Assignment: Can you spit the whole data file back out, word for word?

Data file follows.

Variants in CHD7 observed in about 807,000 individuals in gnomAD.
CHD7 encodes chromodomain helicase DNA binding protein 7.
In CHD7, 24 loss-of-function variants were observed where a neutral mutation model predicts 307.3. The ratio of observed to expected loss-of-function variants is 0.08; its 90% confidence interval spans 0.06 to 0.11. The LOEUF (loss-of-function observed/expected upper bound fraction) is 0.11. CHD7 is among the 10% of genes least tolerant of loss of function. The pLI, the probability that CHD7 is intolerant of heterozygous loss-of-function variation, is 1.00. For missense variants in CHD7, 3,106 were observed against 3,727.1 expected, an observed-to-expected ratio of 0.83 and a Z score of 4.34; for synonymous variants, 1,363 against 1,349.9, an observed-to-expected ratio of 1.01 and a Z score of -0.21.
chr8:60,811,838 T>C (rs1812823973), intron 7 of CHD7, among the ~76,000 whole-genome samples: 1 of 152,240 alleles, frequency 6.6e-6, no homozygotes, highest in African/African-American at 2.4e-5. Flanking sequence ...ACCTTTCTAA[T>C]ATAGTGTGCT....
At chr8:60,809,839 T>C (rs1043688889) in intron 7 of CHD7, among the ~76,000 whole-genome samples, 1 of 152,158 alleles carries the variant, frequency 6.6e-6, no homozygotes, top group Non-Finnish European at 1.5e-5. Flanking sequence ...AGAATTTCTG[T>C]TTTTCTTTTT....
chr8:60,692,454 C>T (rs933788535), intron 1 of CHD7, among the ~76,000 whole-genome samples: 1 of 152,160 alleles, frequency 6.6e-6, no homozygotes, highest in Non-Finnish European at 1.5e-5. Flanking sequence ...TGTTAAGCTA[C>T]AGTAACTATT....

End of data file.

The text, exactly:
Variants in CHD7 observed in about 807,000 individuals in gnomAD.
CHD7 encodes chromodomain helicase DNA binding protein 7.
In CHD7, 24 loss-of-function variants were observed where a neutral mutation model predicts 307.3. The ratio of observed to expected loss-of-function variants is 0.08; its 90% confidence interval spans 0.06 to 0.11. The LOEUF (loss-of-function observed/expected upper bound fraction) is 0.11. CHD7 is among the 10% of genes least tolerant of loss of function. The pLI, the probability that CHD7 is intolerant of heterozygous loss-of-function variation, is 1.00. For missense variants in CHD7, 3,106 were observed against 3,727.1 expected, an observed-to-expected ratio of 0.83 and a Z score of 4.34; for synonymous variants, 1,363 against 1,349.9, an observed-to-expected ratio of 1.01 and a Z score of -0.21.
chr8:60,811,838 T>C (rs1812823973), intron 7 of CHD7, among the ~76,000 whole-genome samples: 1 of 152,240 alleles, frequency 6.6e-6, no homozygotes, highest in African/African-American at 2.4e-5. Flanking sequence ...ACCTTTCTAA[T>C]ATAGTGTGCT....
At chr8:60,809,839 T>C (rs1043688889) in intron 7 of CHD7, among the ~76,000 whole-genome samples, 1 of 152,158 alleles carries the variant, frequency 6.6e-6, no homozygotes, top group Non-Finnish European at 1.5e-5. Flanking sequence ...AGAATTTCTG[T>C]TTTTCTTTTT....
chr8:60,692,454 C>T (rs933788535), intron 1 of CHD7, among the ~76,000 whole-genome samples: 1 of 152,160 alleles, frequency 6.6e-6, no homozygotes, highest in Non-Finnish European at 1.5e-5. Flanking sequence ...TGTTAAGCTA[C>T]AGTAACTATT....